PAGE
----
Showing 1 of 511 conversations about:
DimaG
576
Jan 17, 2018
bookmark_border
Had these for a couple days, and for the most part, they're pretty good. Considering I had a pair of Creative T40 Series IIs for $100, and for less than twice the price, you get much more in value. Couple points and subjective drawbacks: 1. These, are huge. My attached images tell the story (that's a 25" monitor). I didn't measure well enough, and ended up needing a new desk. 2. The sound is balanced and clean, with a slight emphasis on highs (which can be reduced), having a nice extension on that front. The mids though, are a bit tamed, and it feels like the speakers struggle a bit. 3. These need a subwoofer. It's not that bass is not there, on the contrary, with EQ you can hear it pumping all the way to 63Hz, but unfortunately that's nowhere near as extended as the highs are. I was totally happy seeing that there's a matching sub for these, not so happy with its $400 price tag, so that's something to keep in mind.
Overall, if you have a wide desk and haven't stepped into $200 territory yet, these make a statement. However, if you had a 2.1 setup or a good pair of headphones (Sennheiser HD650, Shure SE846), you might feel you're missing.

search

search
Jan 17, 2018
dsnyder0cnn
25
Jan 18, 2018
bookmark_border
I think your review and photos will be helpful to many. You make a very good point which others may have missed--the LSR30X were never designed to be computer speakers although they can sort-of work--if you have the space.
These are professional powered studio monitors that were designed as a tool to be used by audio engineers and music producers. Their price point (especially now) makes them appealing to home audio enthusiasts; however, comparisons with consumer audio equipment will definitely be an apples to oranges affair. For a fair comparison of features, performance, and sound quality, check out the Mackie MR5mk3 ($240/pair), M-Audio BX5 D3 ($298/pair), or Yamaha HS5 ($400/pair).
The tonal balance of the LSR30X is intended to be useful to professionals for identifying and correcting issues with the mix rather than to be pleasurable to listen to for entertainment. There is enough bass to tell what's going on without masking or obscuring details. More bass output might be more enjoyable, but it it is not necessary and would make the LSR30X less effective as a tool.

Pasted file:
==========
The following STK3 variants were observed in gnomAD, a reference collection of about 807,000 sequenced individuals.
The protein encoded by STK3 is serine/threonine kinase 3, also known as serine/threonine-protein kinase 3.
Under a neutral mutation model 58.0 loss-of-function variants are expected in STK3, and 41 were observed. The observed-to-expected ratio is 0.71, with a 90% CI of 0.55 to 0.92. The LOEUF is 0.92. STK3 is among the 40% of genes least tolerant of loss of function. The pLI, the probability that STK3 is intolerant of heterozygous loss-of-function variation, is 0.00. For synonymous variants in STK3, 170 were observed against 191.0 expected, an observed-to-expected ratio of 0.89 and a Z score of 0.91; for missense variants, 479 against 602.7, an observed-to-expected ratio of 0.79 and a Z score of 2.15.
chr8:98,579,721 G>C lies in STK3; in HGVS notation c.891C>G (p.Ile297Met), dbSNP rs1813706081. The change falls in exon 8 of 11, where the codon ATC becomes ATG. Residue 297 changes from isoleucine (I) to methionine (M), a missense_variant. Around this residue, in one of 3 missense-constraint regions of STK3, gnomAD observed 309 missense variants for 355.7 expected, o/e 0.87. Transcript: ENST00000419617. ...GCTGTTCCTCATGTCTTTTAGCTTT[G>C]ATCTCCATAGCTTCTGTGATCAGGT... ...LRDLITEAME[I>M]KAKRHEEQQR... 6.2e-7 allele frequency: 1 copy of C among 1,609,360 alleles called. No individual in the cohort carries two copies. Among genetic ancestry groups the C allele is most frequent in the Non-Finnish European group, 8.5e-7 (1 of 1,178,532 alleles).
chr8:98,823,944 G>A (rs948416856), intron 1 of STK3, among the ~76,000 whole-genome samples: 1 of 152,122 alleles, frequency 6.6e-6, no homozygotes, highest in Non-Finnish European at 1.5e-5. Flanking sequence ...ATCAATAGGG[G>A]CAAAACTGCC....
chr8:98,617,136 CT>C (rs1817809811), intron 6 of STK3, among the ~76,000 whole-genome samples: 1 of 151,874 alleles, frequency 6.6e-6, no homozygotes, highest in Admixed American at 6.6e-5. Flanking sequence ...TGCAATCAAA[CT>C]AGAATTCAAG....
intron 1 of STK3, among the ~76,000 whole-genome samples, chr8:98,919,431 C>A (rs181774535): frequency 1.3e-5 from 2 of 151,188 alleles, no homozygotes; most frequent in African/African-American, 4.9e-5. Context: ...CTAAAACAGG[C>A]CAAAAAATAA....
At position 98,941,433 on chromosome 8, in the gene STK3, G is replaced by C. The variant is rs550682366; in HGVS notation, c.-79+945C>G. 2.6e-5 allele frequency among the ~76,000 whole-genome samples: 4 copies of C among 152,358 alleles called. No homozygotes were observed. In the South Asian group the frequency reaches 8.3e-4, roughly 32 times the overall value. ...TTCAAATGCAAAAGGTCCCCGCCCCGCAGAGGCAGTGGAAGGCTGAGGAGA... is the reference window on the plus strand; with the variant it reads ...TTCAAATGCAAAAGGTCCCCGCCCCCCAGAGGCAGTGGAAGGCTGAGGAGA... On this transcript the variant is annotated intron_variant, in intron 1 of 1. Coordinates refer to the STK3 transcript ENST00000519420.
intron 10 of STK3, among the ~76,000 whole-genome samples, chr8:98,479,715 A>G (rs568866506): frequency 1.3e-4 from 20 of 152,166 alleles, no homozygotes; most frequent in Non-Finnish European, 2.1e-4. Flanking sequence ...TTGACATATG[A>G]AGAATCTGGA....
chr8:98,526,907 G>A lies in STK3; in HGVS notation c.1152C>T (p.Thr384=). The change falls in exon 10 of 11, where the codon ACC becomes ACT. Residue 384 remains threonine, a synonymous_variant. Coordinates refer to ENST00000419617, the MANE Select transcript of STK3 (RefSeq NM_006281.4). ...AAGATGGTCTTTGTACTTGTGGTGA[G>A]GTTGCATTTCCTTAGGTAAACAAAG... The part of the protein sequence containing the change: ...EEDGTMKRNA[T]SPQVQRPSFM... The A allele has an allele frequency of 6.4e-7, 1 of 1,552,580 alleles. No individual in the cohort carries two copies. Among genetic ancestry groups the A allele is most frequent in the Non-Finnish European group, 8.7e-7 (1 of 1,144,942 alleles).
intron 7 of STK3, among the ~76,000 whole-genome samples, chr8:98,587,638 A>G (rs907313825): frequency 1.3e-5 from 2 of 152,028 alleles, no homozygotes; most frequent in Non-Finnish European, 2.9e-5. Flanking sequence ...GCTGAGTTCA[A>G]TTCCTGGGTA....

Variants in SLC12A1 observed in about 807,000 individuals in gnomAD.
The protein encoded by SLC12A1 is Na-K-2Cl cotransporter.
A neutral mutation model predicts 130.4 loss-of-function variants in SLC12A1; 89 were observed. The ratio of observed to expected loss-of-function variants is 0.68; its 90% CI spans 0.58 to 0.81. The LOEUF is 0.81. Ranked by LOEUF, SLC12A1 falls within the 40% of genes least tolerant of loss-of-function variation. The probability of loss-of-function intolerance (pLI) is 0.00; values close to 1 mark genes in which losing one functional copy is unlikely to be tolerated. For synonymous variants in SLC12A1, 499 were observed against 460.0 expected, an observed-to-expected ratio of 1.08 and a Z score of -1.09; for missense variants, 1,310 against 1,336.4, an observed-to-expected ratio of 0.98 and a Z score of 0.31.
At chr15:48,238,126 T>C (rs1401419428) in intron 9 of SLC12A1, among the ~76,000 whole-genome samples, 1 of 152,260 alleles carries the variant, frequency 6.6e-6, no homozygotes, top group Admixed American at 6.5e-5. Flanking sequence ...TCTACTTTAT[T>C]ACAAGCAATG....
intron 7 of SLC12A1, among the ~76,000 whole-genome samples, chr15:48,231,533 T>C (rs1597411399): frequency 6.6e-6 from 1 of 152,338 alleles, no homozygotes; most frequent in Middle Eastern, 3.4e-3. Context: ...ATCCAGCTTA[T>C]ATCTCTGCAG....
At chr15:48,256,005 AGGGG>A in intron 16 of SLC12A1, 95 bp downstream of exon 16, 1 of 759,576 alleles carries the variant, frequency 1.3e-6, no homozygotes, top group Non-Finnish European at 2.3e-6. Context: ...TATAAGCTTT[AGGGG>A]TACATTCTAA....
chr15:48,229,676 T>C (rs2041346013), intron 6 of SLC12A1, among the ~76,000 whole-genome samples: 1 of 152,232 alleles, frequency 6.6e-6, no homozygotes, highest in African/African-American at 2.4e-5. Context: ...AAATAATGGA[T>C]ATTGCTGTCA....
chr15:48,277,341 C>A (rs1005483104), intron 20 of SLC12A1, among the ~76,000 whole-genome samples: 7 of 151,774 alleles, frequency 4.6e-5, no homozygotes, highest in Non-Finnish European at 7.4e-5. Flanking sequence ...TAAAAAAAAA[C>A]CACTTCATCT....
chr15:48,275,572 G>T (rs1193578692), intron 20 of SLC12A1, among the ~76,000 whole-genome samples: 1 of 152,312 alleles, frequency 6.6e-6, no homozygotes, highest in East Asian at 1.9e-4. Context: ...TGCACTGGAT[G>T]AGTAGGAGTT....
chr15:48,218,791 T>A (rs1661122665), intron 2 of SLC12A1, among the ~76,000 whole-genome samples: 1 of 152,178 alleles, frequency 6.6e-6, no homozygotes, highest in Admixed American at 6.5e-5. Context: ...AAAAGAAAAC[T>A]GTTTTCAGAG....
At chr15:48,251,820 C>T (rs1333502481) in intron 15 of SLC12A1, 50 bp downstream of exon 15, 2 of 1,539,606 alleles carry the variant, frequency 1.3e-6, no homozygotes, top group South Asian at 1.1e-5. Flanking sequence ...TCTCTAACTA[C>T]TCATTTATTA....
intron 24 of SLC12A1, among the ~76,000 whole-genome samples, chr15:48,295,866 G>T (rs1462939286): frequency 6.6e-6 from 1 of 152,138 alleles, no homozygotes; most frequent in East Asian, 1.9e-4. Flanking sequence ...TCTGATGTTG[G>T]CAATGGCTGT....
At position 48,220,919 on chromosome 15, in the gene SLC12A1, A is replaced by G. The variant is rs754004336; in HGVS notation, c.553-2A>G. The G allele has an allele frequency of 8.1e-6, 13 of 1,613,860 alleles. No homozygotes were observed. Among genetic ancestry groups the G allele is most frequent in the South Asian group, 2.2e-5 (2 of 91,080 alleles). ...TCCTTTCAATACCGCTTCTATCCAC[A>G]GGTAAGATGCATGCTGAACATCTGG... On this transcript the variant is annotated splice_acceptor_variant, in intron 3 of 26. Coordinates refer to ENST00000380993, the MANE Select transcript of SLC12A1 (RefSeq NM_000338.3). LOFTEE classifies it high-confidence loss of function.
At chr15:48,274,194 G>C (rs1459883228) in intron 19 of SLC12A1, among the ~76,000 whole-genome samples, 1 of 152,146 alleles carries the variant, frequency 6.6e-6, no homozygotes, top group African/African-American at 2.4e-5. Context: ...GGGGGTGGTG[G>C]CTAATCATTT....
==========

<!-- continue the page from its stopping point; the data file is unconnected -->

Although the cabinets are fairly large for a 5" 2-way, the laws of physics limit the depth and level of bass that is possible at acceptably low distortion. As car geeks say, "there's no replacement for displacement!" Also, as you have pointed out, for deeper bass, a powered sub (or two) is the way to go. Although not the equivalent of a sub, the original version of the JBL LSR308 (with 8" woofers) is now available, until they sell out, for $300/pair, which is a crazy good deal for those who want more bass, have the space and don't care to spend for sub(s).
The JBL 3-Series LSR monitors work well in nearfield applications but really benefit from installation on proper stands vs. setting them on a desk or table. If you are impressed by their soundstage now, just wait until you have them on stands! As I've mentioned elsewhere, lows benefit from a little room gain, so try placing the stands 1 - 2 ft from the rear or side walls if possible.
At their price point, the JBL 3-Series has always been tough to beat for their intended application. They can work acceptably well in consumer audio applications with due care given to placement and connections and perhaps with judicious use of equalization to achieve a more pleasing tone. Cheers and happy listening!
Jan 18, 2018
Raymondbl
53
Jan 18, 2018
bookmark_border
excellent review. I also found the mids tamed when I first got them, but I was putting them about 6 inches from the wall. The mids drastically improved when they were 2 feet from the wall, and the tonal balance was perfect when they were 4-5 feet from the wall (even almost missed the bass for artists like Daft Punk). I bought Auray speaker stands and will try them out in a week.
Jan 18, 2018
dsnyder0cnn
25
Jan 18, 2018
bookmark_border
Ah...makes sense. 6 inches from the wall is pretty close. :)
I'm looking forward to hearing of your impressions after your Auray stands are in. I'm using Sanus Steel Series stands (sand filled) with the LSR30X about 18" from the side walls (on center) and 4ft from the rear wall. Delightful!
Jan 18, 2018
Bitvar
81
Jan 18, 2018
bookmark_border
If you can get the rear of those speakers away from the wall by about 1-2 feet they'll sound significantly better, but I understand if space is cramped.
Jan 18, 2018
Gingerbreadman
28
Jan 19, 2018
bookmark_border
Am I to understand that this applies to all speakers?
Jan 19, 2018
Raymondbl
53
Jan 19, 2018
bookmark_border
All speakers with a rear bass port. Speakers with a front bass port, e.g. Presonus Eris E5, are much more friendly in terms of being near walls.
Jan 19, 2018
View Full Discussion